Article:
Post by Rebecca, WAVAW Relief Staff
Let me know if you’ve heard this before: “Anger is toxic.” “You’d be prettier if you smiled.” “It’s not ladylike to be cross.” “Don’t be a bitch.”
From the time we’re young, women and girls are told not to be angry, to be nice, to smile. But we have a lot to be angry about! Rape culture, objectification, not being taken seriously, or being undermined because of our gender, slut-shaming, the wage gap…I could go on and on. To paraphrase my good friend, A., a brilliant and articulate woman, “If you’re not angry, you’re not paying attention.”
Sure, sitting and stewing in anger, or lashing out, isn’t great. Anger can easily become our enemy if we let it. But enacting our political values, and standing up for ourselves, fuelled by our anger, is empowering! Anger drives change. Throughout history, collective outrage has motivated some of the most significant societal and cultural revolutions. People have channelled their outrage into activism. Anger is cathartic! It allows us to process our experiences and our traumas. It allows us to move forward.
Even self-care can look like anger. Allowing yourself to feel these very real emotions, and acknowledging that this is okay, especially after experiencing trauma or injustice, is necessary for healing. Living in a rape culture is a crazy-making process, and it can leave us feeling helpless, ridiculed, hurt, and angry!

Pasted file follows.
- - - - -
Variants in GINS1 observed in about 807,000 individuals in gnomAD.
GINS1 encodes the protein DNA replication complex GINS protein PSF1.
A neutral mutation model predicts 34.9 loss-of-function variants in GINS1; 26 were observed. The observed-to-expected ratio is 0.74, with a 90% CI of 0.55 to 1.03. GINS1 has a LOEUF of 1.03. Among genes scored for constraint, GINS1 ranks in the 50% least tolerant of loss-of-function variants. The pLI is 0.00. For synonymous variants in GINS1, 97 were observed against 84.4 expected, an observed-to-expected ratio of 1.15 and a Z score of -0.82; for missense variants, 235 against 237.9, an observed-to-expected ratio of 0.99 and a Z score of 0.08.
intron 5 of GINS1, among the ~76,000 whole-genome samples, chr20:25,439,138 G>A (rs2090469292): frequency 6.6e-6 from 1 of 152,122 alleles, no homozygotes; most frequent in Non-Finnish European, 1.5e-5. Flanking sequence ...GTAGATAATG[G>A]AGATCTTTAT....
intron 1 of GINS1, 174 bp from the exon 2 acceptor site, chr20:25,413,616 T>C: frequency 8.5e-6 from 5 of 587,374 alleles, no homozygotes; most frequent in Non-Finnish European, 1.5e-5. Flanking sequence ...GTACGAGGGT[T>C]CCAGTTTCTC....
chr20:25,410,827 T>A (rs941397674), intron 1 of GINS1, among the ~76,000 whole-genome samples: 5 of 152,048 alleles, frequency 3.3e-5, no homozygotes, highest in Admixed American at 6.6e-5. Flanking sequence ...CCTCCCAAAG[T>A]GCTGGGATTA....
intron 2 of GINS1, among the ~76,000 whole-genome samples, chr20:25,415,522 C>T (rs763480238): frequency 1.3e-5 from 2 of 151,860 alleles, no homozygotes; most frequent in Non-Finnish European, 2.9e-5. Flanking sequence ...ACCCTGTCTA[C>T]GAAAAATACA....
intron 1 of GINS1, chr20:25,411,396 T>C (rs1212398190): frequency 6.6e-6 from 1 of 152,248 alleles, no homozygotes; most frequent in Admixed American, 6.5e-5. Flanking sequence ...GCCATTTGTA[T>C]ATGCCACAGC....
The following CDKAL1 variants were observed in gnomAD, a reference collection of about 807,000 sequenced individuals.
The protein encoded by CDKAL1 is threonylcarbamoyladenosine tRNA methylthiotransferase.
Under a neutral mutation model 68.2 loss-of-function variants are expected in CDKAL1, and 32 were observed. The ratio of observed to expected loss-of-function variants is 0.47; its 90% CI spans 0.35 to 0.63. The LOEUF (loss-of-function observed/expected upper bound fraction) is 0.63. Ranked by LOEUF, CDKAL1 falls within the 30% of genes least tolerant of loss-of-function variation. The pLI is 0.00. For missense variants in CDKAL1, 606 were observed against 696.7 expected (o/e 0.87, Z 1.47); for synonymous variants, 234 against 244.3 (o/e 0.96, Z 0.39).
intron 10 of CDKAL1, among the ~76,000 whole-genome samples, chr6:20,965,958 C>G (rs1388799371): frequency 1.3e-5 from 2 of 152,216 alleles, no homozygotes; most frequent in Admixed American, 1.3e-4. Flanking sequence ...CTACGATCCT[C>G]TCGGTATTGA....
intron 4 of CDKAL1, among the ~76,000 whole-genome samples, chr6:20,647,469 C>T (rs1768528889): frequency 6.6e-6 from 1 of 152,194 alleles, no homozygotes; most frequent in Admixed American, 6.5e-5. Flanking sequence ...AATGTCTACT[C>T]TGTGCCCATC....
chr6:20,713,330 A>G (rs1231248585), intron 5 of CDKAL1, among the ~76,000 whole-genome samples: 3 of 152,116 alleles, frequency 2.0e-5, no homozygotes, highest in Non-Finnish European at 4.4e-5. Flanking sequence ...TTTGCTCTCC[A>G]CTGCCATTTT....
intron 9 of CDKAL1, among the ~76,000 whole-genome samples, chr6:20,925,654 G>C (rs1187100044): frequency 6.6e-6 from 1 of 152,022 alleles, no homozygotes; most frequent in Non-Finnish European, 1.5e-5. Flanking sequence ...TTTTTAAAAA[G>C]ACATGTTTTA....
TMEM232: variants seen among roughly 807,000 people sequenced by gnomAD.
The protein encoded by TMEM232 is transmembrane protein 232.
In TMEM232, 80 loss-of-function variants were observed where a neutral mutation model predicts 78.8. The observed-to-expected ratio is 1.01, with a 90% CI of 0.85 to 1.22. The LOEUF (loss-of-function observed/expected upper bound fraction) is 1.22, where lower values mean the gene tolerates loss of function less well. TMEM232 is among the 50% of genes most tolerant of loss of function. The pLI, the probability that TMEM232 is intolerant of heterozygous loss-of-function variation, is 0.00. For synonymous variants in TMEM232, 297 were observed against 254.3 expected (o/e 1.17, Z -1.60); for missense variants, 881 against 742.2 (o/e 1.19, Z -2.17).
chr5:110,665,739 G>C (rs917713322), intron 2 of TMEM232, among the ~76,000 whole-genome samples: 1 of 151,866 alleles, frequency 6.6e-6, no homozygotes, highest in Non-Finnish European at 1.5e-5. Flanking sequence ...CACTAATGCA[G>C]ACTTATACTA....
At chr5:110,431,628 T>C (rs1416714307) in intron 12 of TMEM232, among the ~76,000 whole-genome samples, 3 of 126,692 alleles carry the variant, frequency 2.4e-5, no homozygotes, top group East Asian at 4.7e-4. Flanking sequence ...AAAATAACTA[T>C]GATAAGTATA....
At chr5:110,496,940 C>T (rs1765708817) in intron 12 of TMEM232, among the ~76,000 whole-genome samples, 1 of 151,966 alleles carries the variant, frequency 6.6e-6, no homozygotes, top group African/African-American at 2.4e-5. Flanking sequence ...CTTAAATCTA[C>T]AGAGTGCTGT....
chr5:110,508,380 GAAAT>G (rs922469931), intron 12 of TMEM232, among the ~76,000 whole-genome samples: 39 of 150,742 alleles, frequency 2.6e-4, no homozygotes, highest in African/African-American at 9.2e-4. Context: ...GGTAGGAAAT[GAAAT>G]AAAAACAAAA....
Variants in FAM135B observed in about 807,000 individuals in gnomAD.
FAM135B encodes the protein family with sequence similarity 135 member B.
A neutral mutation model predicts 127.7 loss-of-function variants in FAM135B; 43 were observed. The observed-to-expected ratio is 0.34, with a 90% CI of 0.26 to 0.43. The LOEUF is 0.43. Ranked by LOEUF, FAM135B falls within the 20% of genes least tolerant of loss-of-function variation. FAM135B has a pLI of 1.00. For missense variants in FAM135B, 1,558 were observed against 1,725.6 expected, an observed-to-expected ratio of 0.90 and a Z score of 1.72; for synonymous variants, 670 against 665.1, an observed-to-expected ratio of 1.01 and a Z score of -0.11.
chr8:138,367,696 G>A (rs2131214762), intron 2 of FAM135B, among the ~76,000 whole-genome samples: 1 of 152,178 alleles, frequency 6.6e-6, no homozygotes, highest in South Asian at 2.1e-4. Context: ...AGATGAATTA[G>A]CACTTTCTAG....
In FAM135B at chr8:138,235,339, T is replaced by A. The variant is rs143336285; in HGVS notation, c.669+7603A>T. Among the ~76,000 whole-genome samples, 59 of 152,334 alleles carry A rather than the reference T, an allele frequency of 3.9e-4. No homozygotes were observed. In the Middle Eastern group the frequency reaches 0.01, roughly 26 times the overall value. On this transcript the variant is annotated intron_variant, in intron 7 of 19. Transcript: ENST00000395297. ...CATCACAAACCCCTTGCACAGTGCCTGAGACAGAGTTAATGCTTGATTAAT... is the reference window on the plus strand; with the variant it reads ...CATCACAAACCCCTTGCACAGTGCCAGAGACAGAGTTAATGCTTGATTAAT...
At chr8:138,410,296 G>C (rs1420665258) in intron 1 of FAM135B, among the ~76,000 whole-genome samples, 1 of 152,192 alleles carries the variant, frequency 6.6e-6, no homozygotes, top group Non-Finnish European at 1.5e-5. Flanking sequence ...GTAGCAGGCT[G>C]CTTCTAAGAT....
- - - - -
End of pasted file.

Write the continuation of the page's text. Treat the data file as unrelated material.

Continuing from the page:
The fact of the matter is, hiding anger, trying to be nice despite trauma, or brushing off controversy as, “I don’t want to sound like an angry feminist…” (something I myself have done in the past) isn’t healthy, and it just reinforces the mindset that women are too emotional, and our feelings are usually irrational and invalid.
So, without a care about being “nice”, or coming off as a rage-y feminist harpy:
I am angry that 1 in 3 women will be raped, beaten or abused in her lifetime.
I am angry that 1, 200 Indigenous women are missing or murdered, and our own long-standing government had made it clear that this wasn’t a priority.
I am angry that I can’t walk down the street without my appearance being policed or commented on – and I risk violent or vitriolic reactions if I don’t smile, or thank these strangers for their “compliments”.
I am angry that I am sent well-meaning email forwards on how to prevent my own assault.
I am angry that I am told to calm down, or called a “feminazi” (or worse) when I try to bring up serious issues addressing sexism.
I am angry that (usually female) gendered slurs are still – still – being used as the ultimate insult.
I am angry that later on, I will probably pass off my own rage with humour because I just don’t know what else to do.
I am angry and I will damn well revel in it!